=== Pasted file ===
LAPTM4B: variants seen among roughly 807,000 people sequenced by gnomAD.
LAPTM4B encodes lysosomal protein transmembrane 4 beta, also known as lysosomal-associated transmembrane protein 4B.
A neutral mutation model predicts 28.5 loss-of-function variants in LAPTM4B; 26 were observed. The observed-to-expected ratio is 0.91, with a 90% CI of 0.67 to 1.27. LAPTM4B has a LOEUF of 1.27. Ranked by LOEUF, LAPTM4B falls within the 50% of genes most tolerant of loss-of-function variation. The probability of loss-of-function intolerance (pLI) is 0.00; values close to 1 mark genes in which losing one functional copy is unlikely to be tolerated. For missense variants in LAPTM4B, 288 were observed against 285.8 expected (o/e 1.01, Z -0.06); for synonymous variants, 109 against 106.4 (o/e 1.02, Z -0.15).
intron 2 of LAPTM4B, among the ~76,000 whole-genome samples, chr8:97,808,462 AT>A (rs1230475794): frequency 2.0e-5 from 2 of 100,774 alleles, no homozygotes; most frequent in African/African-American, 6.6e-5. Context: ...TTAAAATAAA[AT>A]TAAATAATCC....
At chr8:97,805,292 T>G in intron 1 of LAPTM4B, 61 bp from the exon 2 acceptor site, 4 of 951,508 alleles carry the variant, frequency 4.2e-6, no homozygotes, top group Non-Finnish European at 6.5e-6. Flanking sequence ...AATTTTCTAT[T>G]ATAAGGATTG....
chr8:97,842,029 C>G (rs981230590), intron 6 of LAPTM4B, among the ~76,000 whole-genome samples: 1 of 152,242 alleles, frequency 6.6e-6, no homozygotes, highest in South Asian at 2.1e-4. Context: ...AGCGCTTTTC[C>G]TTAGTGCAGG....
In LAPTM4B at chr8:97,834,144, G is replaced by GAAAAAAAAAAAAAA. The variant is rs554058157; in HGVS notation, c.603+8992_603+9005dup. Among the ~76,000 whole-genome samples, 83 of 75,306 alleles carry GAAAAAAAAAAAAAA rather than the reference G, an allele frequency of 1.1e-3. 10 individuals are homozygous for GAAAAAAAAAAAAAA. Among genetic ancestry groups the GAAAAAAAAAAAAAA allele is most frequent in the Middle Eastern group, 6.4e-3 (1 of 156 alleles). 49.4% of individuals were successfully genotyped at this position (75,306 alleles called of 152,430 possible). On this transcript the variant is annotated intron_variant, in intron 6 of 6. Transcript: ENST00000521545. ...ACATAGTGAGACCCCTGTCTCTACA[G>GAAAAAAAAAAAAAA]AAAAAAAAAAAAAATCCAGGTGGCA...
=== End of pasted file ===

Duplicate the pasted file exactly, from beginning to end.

LAPTM4B: variants seen among roughly 807,000 people sequenced by gnomAD.
LAPTM4B encodes lysosomal protein transmembrane 4 beta, also known as lysosomal-associated transmembrane protein 4B.
A neutral mutation model predicts 28.5 loss-of-function variants in LAPTM4B; 26 were observed. The observed-to-expected ratio is 0.91, with a 90% CI of 0.67 to 1.27. LAPTM4B has a LOEUF of 1.27. Ranked by LOEUF, LAPTM4B falls within the 50% of genes most tolerant of loss-of-function variation. The probability of loss-of-function intolerance (pLI) is 0.00; values close to 1 mark genes in which losing one functional copy is unlikely to be tolerated. For missense variants in LAPTM4B, 288 were observed against 285.8 expected (o/e 1.01, Z -0.06); for synonymous variants, 109 against 106.4 (o/e 1.02, Z -0.15).
intron 2 of LAPTM4B, among the ~76,000 whole-genome samples, chr8:97,808,462 AT>A (rs1230475794): frequency 2.0e-5 from 2 of 100,774 alleles, no homozygotes; most frequent in African/African-American, 6.6e-5. Context: ...TTAAAATAAA[AT>A]TAAATAATCC....
At chr8:97,805,292 T>G in intron 1 of LAPTM4B, 61 bp from the exon 2 acceptor site, 4 of 951,508 alleles carry the variant, frequency 4.2e-6, no homozygotes, top group Non-Finnish European at 6.5e-6. Flanking sequence ...AATTTTCTAT[T>G]ATAAGGATTG....
chr8:97,842,029 C>G (rs981230590), intron 6 of LAPTM4B, among the ~76,000 whole-genome samples: 1 of 152,242 alleles, frequency 6.6e-6, no homozygotes, highest in South Asian at 2.1e-4. Context: ...AGCGCTTTTC[C>G]TTAGTGCAGG....
In LAPTM4B at chr8:97,834,144, G is replaced by GAAAAAAAAAAAAAA. The variant is rs554058157; in HGVS notation, c.603+8992_603+9005dup. Among the ~76,000 whole-genome samples, 83 of 75,306 alleles carry GAAAAAAAAAAAAAA rather than the reference G, an allele frequency of 1.1e-3. 10 individuals are homozygous for GAAAAAAAAAAAAAA. Among genetic ancestry groups the GAAAAAAAAAAAAAA allele is most frequent in the Middle Eastern group, 6.4e-3 (1 of 156 alleles). 49.4% of individuals were successfully genotyped at this position (75,306 alleles called of 152,430 possible). On this transcript the variant is annotated intron_variant, in intron 6 of 6. Transcript: ENST00000521545. ...ACATAGTGAGACCCCTGTCTCTACA[G>GAAAAAAAAAAAAAA]AAAAAAAAAAAAAATCCAGGTGGCA...